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This past Monday, NASA’s June spacecraft made its eighth flyby of the planet Jupiter. Not only did the spacecraft manage to capture images of the Great Red Spot, but it did so by getting as close as 2,100 miles (3,400 kilometers).

A raw image captured by the Juno probe.

Possibly observed as early as 1665, The Great Red Spot has been under continuous observation since 1830. The storm, an amazing 1.3 times the size of Earth, has long captured the public imagination and has fascinated scientists for years. “For hundreds of years scientists have been observing, wondering and theorizing about Jupiter’s Great Red Spot,” said Scott Bolton, Juno principal investigator from the Southwest Research Institute in San Antonio. “Now we are finally going to see what this storm looks like up close and personal.”

Originally launched in 2011, the Juno probe reached Jupiter on July 4th, 2016 and has completed a series of orbital flybys since its arrival. NASA scientists hope to combine the images captured from the spacecraft and with data gathered from ground-based telescopes to determine exactly what is happening deep within the planetary storm. While scientists know that storms like this are common on gas giants, they have yet to determine what gives the spot its unique red color. Though theories have ranged from the presence of complex organic molecules to a variety of sulfur compounds, these new images and data will hopefully give scientists better insight into the planet.

The Juno probe before its launch in 2011.

Lucky for us space fans, NASA has already begun to release the raw images for our viewing pleasure. While what exactly is making the storm spin may take scientists years of research to understand, we’ll thankfully have these images to look at in the meantime.


Images: NASA

Source: NASA

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Jason works at a university up in the frozen north that is Canada, where he spends too much time with technology.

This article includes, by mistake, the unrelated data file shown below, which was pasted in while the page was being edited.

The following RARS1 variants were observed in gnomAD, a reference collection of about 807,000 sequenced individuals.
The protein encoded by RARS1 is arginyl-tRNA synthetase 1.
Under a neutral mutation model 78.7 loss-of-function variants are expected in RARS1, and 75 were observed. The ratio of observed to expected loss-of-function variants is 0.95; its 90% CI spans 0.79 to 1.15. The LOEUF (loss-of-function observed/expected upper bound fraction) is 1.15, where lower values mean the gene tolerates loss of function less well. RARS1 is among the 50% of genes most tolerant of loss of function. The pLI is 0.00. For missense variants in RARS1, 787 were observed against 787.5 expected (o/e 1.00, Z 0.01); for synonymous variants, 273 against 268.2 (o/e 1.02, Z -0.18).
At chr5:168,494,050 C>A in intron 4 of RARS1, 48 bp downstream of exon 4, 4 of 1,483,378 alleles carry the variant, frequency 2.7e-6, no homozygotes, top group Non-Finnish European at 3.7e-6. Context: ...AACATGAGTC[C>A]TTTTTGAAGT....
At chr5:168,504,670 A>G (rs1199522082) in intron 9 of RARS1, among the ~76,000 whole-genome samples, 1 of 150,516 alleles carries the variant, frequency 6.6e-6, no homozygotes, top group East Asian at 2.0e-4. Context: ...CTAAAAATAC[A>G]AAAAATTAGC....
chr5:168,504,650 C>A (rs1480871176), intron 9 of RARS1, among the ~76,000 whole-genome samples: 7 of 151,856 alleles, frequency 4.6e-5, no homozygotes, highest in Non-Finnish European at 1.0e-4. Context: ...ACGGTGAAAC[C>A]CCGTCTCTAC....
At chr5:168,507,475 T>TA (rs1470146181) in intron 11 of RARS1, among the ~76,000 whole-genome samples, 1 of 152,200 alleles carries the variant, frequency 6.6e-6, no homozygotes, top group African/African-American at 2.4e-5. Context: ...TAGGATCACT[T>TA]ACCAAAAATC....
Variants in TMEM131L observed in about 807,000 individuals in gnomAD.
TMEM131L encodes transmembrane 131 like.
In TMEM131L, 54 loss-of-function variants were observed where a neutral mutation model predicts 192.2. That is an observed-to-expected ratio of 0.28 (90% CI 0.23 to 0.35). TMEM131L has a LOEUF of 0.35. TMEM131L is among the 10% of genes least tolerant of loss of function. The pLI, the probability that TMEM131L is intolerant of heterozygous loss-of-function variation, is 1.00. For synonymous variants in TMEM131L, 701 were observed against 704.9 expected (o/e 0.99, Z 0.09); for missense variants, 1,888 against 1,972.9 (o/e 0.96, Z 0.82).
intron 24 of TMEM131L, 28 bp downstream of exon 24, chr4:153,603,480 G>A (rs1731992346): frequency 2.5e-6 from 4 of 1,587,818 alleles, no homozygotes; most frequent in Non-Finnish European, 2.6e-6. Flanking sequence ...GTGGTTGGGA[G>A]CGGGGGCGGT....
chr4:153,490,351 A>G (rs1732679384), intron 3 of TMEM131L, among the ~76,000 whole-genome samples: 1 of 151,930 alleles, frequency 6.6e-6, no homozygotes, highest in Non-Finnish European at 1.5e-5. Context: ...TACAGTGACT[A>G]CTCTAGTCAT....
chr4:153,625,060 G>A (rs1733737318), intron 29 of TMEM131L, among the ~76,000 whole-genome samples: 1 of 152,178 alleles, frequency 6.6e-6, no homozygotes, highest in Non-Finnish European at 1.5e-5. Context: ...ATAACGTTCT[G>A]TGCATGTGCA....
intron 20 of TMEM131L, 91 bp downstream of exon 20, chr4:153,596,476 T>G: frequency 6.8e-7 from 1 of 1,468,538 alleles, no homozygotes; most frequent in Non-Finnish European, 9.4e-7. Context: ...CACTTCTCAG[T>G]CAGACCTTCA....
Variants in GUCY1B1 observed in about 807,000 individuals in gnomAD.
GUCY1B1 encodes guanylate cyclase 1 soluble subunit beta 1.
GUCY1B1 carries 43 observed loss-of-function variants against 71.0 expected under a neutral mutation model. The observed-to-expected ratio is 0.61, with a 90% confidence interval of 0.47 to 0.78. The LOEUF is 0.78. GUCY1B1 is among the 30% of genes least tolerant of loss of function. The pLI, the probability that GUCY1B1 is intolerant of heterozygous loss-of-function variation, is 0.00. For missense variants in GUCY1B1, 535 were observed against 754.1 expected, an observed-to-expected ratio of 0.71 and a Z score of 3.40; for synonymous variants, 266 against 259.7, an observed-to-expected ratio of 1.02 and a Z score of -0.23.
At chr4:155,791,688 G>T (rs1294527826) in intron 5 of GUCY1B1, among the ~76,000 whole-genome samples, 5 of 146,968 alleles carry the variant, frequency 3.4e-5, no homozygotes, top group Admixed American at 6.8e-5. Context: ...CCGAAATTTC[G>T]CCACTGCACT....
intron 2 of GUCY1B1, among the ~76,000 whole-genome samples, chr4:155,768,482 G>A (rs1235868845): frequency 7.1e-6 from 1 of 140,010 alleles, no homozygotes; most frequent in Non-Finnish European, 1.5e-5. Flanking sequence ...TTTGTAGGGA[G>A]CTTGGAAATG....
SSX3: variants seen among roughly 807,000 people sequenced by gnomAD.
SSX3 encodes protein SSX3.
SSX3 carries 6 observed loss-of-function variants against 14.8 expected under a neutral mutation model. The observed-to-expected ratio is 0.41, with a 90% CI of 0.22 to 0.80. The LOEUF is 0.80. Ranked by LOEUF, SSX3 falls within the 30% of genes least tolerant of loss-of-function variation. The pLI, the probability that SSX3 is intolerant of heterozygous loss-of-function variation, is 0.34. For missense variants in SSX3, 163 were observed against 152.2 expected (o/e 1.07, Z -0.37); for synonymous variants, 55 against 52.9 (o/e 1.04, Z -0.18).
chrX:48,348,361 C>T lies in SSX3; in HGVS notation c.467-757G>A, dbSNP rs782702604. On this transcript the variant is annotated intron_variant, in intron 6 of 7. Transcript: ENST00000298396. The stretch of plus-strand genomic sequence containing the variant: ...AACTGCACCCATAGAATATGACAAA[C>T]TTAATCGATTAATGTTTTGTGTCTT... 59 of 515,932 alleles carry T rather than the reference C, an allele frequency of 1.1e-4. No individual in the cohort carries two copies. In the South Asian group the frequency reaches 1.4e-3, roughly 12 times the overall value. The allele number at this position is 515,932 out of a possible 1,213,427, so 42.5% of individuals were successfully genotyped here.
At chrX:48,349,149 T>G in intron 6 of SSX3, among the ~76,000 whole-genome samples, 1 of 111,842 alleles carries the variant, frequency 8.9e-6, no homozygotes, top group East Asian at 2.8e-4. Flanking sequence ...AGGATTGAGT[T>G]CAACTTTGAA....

NASA’s Juno Probe Spies Jupiter’s Great Red Spot

It’s the closest we’ve ever gotten to the storm.

By Jason Lamb | 07/15/2017 12:00 PM PT

News

This past Monday, NASA’s June spacecraft made its eighth flyby of the planet Jupiter. Not only did the spacecraft manage to capture images of the Great Red Spot, but it did so by getting as close as 2,100 miles (3,400 kilometers).

A raw image captured by the Juno probe.

Possibly observed as early as 1665, The Great Red Spot has been under continuous observation since 1830. The storm, an amazing 1.3 times the size of Earth, has long captured the public imagination and has fascinated scientists for years. “For hundreds of years scientists have been observing, wondering and theorizing about Jupiter’s Great Red Spot,” said Scott Bolton, Juno principal investigator from the Southwest Research Institute in San Antonio. “Now we are finally going to see what this storm looks like up close and personal.”

Originally launched in 2011, the Juno probe reached Jupiter on July 4th, 2016 and has completed a series of orbital flybys since its arrival. NASA scientists hope to combine the images captured from the spacecraft and with data gathered from ground-based telescopes to determine exactly what is happening deep within the planetary storm. While scientists know that storms like this are common on gas giants, they have yet to determine what gives the spot its unique red color. Though theories have ranged from the presence of complex organic molecules to a variety of sulfur compounds, these new images and data will hopefully give scientists better insight into the planet.

The Juno probe before its launch in 2011.

Lucky for us space fans, NASA has already begun to release the raw images for our viewing pleasure. While what exactly is making the storm spin may take scientists years of research to understand, we’ll thankfully have these images to look at in the meantime.


Images: NASA

Source: NASA

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About Jason Lamb

view all posts

Jason works at a university up in the frozen north that is Canada, where he spends too much time with technology.